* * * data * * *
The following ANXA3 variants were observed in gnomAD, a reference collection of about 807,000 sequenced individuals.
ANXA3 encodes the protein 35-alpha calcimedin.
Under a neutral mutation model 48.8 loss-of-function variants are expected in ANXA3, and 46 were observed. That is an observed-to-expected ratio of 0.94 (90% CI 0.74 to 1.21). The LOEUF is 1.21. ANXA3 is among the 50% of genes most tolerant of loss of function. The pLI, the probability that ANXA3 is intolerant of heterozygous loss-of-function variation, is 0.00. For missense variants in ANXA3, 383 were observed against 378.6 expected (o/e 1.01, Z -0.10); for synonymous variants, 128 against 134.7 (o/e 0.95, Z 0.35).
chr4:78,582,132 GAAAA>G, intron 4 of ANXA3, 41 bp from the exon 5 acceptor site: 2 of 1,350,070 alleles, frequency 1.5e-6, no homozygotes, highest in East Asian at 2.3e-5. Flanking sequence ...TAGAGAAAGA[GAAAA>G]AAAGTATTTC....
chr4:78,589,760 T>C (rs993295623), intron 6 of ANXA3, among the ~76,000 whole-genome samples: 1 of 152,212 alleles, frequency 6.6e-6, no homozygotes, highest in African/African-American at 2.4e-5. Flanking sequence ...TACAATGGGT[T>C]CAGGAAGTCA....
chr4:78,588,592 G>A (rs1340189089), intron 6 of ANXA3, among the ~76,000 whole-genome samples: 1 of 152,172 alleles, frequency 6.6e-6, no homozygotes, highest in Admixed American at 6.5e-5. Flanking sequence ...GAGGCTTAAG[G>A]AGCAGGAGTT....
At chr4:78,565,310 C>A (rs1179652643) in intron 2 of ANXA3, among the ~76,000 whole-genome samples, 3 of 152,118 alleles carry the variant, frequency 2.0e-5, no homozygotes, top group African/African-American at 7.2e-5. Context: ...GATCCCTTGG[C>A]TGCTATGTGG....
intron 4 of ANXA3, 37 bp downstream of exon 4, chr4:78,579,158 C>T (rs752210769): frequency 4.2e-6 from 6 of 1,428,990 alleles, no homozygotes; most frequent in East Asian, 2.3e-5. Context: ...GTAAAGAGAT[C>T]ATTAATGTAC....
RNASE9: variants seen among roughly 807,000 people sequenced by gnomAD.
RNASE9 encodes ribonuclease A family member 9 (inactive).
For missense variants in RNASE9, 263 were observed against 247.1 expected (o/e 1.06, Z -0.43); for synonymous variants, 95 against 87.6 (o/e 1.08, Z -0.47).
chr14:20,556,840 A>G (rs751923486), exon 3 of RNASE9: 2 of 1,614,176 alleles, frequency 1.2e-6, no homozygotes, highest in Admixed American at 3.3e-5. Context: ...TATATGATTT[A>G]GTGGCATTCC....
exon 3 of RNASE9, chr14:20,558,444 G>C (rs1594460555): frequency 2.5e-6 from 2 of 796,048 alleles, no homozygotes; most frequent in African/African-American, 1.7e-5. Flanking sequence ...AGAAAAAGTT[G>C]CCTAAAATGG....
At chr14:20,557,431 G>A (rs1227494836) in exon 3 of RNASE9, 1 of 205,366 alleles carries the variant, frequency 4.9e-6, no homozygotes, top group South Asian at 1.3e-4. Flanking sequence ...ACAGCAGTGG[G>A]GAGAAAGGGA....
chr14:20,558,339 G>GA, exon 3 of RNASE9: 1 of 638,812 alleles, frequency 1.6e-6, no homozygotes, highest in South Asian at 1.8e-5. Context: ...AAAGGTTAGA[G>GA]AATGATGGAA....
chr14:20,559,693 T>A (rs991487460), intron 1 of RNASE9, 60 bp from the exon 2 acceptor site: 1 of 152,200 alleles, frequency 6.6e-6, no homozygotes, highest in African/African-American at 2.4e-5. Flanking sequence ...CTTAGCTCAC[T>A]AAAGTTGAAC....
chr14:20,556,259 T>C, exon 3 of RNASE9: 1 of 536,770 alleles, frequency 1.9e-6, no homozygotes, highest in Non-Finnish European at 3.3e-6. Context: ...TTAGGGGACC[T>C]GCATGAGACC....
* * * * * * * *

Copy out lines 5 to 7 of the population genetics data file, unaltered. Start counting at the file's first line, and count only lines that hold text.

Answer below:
chr4:78,589,760 T>C (rs993295623), intron 6 of ANXA3, among the ~76,000 whole-genome samples: 1 of 152,212 alleles, frequency 6.6e-6, no homozygotes, highest in African/African-American at 2.4e-5. Flanking sequence ...TACAATGGGT[T>C]CAGGAAGTCA....
chr4:78,588,592 G>A (rs1340189089), intron 6 of ANXA3, among the ~76,000 whole-genome samples: 1 of 152,172 alleles, frequency 6.6e-6, no homozygotes, highest in Admixed American at 6.5e-5. Flanking sequence ...GAGGCTTAAG[G>A]AGCAGGAGTT....
At chr4:78,565,310 C>A (rs1179652643) in intron 2 of ANXA3, among the ~76,000 whole-genome samples, 3 of 152,118 alleles carry the variant, frequency 2.0e-5, no homozygotes, top group African/African-American at 7.2e-5. Context: ...GATCCCTTGG[C>A]TGCTATGTGG....